Oaks Is Not Nuts | Letters | Salt Lake City | Salt Lake City Weekly

Oaks Is Not Nuts 

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You’re going to have to include me in that elite group with Elder Dallin H. Oaks and Lynn D. Wardle [“Oaks’ Acorn,” Private Eye, Oct. 22, City Weekly]. Elder Oaks’ address to the students at BYU-Idaho was spot on in his defense of marriage between a man and a woman and the threat we face today against the free exercise of religion.

Concerning Elder Bruce R. McConkie’s statements he made more than 40 years ago, you have to realize that he was merely stating his opinions/beliefs about blacks not receiving the priesthood in this lifetime. He mentions this in great detail in his book Mormon Doctrine. If he had clearly and unmistakably declared, “Thus saith the Lord,” then he would have been speaking in behalf of the Mormon church and on behalf of God ... but he wasn’t ... he was speaking for himself.

One more thing: I guarantee you that there will never be a revelation in The Church of Jesus Christ of Latter-day Saints “allowing for gay equality in the faith, opening the doors for some of those buffed-up, gay cowboys to step up and kick some straight butt for the Team Down South,” as you put it.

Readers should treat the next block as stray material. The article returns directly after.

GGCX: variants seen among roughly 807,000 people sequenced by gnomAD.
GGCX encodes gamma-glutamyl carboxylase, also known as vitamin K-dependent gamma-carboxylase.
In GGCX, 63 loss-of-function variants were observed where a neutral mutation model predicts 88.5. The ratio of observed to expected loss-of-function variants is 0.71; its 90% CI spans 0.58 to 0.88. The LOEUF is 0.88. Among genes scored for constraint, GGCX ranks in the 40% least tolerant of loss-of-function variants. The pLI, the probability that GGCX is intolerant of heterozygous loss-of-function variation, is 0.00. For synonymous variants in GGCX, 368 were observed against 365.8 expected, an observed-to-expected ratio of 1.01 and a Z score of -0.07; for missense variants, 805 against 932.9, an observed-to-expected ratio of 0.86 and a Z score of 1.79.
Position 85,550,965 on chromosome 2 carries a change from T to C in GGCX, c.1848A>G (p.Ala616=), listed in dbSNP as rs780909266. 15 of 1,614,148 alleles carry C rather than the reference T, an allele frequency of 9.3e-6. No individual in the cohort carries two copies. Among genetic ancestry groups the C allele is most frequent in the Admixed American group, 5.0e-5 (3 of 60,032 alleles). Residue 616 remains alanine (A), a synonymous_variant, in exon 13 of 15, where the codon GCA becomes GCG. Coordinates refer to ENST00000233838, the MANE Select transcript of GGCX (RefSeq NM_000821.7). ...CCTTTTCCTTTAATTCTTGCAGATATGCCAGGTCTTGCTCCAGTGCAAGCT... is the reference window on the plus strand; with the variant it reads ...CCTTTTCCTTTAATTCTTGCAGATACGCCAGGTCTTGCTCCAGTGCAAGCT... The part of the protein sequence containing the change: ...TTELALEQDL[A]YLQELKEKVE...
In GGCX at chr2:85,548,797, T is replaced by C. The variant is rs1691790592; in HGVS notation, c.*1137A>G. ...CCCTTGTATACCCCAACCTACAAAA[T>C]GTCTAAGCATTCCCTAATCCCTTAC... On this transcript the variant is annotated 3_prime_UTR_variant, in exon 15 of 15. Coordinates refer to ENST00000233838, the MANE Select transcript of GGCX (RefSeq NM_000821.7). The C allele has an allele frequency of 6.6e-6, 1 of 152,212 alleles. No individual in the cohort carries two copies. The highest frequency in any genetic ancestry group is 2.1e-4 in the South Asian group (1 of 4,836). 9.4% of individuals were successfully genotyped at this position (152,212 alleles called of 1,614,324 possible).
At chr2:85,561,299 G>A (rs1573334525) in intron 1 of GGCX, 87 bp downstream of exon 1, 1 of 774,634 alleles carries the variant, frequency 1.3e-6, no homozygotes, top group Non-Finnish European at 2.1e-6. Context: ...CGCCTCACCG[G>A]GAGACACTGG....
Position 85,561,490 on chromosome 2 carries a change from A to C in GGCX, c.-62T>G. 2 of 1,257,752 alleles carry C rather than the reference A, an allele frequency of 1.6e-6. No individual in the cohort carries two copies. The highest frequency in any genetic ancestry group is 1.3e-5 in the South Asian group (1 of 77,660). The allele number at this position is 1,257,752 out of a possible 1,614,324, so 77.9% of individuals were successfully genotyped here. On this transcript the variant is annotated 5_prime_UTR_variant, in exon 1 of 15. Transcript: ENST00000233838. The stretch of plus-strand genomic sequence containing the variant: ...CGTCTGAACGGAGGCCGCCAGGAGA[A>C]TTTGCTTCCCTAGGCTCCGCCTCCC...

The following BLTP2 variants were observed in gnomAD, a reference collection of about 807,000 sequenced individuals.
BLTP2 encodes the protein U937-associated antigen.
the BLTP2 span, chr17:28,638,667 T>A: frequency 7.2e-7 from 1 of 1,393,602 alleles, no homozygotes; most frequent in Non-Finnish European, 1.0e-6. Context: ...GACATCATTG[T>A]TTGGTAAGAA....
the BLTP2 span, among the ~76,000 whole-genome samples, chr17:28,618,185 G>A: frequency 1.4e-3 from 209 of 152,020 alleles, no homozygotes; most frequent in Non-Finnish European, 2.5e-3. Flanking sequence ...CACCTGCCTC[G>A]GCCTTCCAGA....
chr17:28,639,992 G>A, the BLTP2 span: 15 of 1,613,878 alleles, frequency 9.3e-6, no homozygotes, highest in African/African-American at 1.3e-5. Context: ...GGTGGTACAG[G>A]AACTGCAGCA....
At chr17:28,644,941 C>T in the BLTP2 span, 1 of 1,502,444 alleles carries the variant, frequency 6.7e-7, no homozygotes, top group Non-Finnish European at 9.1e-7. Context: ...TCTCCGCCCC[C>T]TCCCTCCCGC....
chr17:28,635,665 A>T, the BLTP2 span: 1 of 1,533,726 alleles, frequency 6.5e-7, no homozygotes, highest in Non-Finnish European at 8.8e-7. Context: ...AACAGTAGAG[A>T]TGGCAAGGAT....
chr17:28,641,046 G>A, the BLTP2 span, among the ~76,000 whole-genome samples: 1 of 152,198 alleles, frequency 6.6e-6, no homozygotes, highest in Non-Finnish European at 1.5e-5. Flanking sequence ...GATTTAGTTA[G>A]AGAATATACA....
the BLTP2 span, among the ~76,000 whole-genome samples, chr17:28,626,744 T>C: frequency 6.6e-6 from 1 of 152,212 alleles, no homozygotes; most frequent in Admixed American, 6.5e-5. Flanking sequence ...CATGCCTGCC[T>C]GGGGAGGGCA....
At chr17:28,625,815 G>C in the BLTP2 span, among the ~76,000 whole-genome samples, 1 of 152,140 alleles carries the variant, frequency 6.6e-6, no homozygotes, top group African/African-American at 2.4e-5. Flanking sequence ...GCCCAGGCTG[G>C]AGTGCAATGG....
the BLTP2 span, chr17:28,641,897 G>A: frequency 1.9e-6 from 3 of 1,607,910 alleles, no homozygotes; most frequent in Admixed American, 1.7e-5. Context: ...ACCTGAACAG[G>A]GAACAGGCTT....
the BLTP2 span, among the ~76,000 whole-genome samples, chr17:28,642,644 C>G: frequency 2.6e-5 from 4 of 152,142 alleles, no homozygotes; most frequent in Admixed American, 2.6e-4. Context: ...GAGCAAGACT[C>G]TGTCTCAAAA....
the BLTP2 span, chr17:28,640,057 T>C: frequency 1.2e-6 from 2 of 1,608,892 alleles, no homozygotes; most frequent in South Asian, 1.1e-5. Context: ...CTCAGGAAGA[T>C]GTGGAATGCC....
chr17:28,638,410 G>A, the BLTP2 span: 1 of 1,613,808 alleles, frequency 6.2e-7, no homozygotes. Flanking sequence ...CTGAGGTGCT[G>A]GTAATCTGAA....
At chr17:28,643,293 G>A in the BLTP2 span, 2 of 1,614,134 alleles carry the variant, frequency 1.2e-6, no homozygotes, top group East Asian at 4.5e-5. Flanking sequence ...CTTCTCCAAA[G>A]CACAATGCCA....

Homosexuals are the ones trying their damnedest to shove their sexual orientation down everybody else’s throats and force them to accept that what they do is normal and legal. They don’t have a constitutional right to do that. Marriage was never intended for two confused people of the same gender.

Furthermore, I don’t really understand the hullabaloo against Elder Oaks’ address to the students at BYU-Idaho. All he said was, “It’s important to note that while this aggressive intimidation in connection with the Proposition 8 election was primarily directed at religious persons and symbols, it was not antireligious as such. These incidents were expressions of outrage against those who disagreed with the gay-rights position and had prevailed in a public contest. As such, these incidents of violence and intimidation are not so much anti-religious as anti-democratic. In their effect, they are like the well-known and widely condemned voter-intimidation of blacks in the South that produced corrective federal civil-rights legislation.”

All he was doing was comparing the incidents of violence and intimidation against the proponents of Proposition 8 to the voter-intimidation procedures against blacks in the South. And remember ... in addition to the violence against persons and destructive actions on many meetinghouses and temples, businesses were boycotted and people lost their jobs because they donated money to Proposition 8.

Unbelievable ... that’s downright inexcusable.

Ken Thomas
West Jordan

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